A literature review analysis of engagement with the Nagoya Protocol, with specific application to Africa

J Knight, E Flack-Davison, Sidney Engelbrecht, R G Visagie, W Beukes, T Coetzee, M Mwale, D Ralefala

    Research output: Contribution to journalArticlepeer-review

    2 Scopus citations

    Abstract

    The 2010 Nagoya Protocol is an international framework for access and benefit sharing (ABS) of the use of genetic and biological resources, with particular focus on indigenous communities. This is especially important in Africa, where local communities have a close reliance on environmental resources and ecosystems. However, national legislation and policies commonly lag behind international agreements, and this poses challenges for legal compliance as well as practical applications. This study reviews the academic literature on the Nagoya Protocol and ABS applications, and then considers the implications of this analysis for research in Africa. Results show that there is uneven engagement with the principles of the Nagoya Protocol across different academic disciplines; local communities are sometimes sidelined in these studies; and only 8% of researchers in the literature analysed are located in Africa. Future developments should focus on ensuring national compliance with the Nagoya Protocol, and that researchers and industry work in partnership with local African communities on ABS issues.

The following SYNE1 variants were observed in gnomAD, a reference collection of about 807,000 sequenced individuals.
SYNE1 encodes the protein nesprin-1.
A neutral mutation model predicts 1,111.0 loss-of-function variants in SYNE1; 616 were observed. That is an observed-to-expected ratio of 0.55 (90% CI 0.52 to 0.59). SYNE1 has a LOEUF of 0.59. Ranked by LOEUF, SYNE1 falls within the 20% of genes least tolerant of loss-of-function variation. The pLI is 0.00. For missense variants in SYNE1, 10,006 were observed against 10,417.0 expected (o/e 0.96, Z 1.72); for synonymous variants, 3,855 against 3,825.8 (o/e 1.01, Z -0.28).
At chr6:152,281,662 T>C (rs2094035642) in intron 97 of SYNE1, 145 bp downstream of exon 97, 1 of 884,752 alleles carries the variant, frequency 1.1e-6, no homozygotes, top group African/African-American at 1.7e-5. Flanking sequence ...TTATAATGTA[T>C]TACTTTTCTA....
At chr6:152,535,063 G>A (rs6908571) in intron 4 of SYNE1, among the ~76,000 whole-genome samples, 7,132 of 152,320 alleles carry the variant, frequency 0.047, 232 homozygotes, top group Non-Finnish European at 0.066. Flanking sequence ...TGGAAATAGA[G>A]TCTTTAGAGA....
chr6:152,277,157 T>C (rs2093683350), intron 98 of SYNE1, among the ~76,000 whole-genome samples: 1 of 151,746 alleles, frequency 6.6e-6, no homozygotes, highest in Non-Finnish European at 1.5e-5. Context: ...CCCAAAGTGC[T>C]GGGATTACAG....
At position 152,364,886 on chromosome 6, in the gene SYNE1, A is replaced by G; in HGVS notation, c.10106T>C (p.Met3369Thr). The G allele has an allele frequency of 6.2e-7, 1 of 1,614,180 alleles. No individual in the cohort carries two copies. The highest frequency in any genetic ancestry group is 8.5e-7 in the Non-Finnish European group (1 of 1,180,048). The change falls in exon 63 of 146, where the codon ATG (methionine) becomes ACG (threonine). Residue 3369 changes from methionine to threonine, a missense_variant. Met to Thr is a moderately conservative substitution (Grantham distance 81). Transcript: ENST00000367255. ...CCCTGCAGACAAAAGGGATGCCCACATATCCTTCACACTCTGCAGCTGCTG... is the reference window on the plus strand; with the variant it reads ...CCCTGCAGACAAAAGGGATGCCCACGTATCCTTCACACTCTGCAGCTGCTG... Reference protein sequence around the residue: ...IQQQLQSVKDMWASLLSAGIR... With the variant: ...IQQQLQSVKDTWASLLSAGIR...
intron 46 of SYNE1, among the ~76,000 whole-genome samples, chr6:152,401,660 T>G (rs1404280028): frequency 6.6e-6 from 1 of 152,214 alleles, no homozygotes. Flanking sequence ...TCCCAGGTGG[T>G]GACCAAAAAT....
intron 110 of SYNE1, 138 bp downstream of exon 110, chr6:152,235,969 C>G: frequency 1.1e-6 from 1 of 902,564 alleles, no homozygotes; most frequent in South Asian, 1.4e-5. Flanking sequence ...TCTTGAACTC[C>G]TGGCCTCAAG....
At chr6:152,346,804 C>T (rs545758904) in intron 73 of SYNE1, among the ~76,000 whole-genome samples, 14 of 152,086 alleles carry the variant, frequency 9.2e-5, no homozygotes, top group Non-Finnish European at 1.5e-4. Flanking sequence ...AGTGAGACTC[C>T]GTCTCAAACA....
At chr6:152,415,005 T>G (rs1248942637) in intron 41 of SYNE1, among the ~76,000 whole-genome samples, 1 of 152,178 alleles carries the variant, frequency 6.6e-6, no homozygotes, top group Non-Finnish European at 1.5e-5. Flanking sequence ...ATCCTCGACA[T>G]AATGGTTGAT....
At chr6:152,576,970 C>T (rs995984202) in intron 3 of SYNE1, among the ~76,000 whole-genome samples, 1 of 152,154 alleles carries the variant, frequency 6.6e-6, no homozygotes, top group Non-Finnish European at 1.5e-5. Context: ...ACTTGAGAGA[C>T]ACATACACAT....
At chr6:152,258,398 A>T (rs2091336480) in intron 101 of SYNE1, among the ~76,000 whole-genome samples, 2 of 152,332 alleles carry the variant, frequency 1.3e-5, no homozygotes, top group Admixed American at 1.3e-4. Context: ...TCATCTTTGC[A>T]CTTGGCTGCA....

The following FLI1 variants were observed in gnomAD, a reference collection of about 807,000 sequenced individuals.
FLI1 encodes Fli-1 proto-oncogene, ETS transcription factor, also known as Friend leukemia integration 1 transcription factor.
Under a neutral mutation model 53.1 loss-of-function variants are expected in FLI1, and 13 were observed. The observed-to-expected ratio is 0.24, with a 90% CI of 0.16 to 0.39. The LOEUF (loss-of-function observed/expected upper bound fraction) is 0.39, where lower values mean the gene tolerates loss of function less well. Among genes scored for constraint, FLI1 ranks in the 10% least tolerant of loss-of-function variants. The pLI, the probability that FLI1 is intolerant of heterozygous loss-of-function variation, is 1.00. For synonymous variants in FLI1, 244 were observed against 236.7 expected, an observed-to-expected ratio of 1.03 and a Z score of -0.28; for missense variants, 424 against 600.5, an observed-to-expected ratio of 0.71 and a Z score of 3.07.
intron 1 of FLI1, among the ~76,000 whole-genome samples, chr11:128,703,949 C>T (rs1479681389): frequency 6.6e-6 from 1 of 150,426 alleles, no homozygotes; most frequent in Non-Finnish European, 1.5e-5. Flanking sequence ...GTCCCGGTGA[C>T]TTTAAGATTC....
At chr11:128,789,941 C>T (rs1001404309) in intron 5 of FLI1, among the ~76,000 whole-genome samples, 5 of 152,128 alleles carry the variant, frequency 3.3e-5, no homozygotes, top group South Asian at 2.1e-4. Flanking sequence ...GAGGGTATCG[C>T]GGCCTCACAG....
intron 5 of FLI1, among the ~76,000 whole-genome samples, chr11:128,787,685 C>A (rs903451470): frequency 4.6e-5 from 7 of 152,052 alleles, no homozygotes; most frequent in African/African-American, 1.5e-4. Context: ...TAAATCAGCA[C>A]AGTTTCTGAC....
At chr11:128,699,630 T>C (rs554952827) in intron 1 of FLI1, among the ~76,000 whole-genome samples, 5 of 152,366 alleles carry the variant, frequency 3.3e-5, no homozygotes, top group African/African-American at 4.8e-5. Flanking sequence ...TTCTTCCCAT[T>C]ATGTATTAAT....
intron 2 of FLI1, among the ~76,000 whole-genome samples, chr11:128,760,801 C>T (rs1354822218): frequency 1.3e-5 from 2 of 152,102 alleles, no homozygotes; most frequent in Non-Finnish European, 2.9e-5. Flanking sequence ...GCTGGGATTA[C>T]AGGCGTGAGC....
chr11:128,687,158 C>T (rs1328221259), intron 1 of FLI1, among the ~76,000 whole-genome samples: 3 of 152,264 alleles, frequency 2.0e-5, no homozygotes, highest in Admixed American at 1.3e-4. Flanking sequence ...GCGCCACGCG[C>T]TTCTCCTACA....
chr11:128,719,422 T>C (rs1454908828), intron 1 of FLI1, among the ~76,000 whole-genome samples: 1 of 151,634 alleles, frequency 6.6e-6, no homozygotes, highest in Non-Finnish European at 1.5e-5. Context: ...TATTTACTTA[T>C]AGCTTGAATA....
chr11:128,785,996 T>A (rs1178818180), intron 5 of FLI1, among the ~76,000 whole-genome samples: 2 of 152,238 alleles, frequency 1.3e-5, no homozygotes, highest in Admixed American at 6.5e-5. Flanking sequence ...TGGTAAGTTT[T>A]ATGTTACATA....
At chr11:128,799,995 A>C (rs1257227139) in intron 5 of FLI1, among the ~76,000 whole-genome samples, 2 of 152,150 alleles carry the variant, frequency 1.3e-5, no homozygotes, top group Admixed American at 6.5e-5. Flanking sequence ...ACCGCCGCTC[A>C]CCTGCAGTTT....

Original languageEnglish (US)
    Pages (from-to)69-74
    Number of pages6
    JournalSouth African Journal of Bioethics and Law
    Volume15
    Issue number2
    DOIs
    StatePublished - Oct 12 2022

    Bibliographical note

    KAUST Repository Item: Exported on 2022-10-17
    Acknowledgements: This work was commissioned and funded by the Southern African Research and Innovation Management Association and the Southern Africa Network for Biosciences in collaboration with the GIZ Strengthening National-Regional Linkages Programme – a partnership programme between Southern African Development Community countries, the European Union and German government through a grant made available to the Northern Regions Community of Practice for Research Ethics and Integrity in SA and beyond.

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